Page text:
Studies on risk factors for subarachnoid hemorrhage (SAH) show heterogeneity. For example, hypertension has been found to be a significant risk factor in some studies but not in others. The authors hypothesized that differences in the ethnicity of the populations studied could account for these findings.
A metaanalysis was performed using 17 case-control and 10 cohort studies that met specified inclusion criteria. The authors used a random-effect model to calculate the pooled effect estimates for current smoking, hypertension, and alcohol consumption. A meta–regression analysis was performed using the ethnic composition of the study populations as a covariate. Studies were classified as multiethnic or monoethnic, and the pooled effect estimates were compared.
Analysis of the cohort studies yielded a pooled effect estimate or risk ratio of 3.18 (95% confidence interval [CI] 2.37–4.26) for current smoking, 3.05 (95% CI 2.09–4.44) for hypertension, and 2.46 (95% CI 1.42–4.24) for alcohol consumption at a rate of 150 g/week or more. The results were similar for the case-control studies. For current smoking, the ethnic composition of the study population was a statistically significant predictor of heterogeneity among case-control studies (p < 0.001, even after application of the Bonferroni correction). The risk for SAH among current smokers was higher in multiethnic populations (odds ratio 3.832) than in monoethnic populations (odds ratio 2.487).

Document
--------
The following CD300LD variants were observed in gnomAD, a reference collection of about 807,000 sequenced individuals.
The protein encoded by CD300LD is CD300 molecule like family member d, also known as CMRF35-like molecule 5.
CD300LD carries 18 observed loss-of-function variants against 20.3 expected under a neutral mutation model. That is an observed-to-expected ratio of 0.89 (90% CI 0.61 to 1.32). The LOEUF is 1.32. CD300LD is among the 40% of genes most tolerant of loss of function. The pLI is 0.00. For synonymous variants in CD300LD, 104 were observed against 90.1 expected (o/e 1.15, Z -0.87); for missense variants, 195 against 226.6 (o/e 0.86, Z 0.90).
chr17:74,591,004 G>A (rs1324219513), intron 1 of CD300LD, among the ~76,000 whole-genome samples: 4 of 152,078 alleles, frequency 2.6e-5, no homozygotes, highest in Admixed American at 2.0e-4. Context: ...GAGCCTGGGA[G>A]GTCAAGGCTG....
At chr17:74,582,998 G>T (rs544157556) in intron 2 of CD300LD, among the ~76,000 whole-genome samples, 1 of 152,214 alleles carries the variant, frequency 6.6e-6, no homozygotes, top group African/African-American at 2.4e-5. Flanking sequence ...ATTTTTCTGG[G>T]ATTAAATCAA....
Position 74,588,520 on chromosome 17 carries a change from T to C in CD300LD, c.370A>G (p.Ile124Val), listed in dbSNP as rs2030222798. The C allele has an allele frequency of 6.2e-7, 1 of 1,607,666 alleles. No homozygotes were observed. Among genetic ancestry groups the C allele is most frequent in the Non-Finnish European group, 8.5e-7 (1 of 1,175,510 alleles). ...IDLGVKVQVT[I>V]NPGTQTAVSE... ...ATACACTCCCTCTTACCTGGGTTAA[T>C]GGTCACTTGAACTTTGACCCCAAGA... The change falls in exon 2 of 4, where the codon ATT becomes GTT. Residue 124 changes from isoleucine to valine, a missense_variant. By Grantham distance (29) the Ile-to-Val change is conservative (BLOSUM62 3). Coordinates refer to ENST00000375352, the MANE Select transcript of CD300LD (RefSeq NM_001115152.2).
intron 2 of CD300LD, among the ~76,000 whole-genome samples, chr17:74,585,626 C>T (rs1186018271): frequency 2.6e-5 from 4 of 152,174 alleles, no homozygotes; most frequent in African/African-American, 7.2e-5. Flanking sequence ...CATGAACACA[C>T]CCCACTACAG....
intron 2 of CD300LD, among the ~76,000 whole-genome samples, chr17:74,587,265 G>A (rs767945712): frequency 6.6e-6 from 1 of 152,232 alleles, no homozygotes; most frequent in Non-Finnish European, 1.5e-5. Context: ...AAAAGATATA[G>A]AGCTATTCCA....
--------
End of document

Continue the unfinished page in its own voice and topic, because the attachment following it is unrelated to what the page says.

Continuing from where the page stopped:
The results of this metaanalysis suggest that differences in susceptibility to the harmful health effects of smoking may be one cause of the observed differences in SAH incidence for different ethnic groups. The role of ethnicity in risk factors for SAH should be considered in future studies.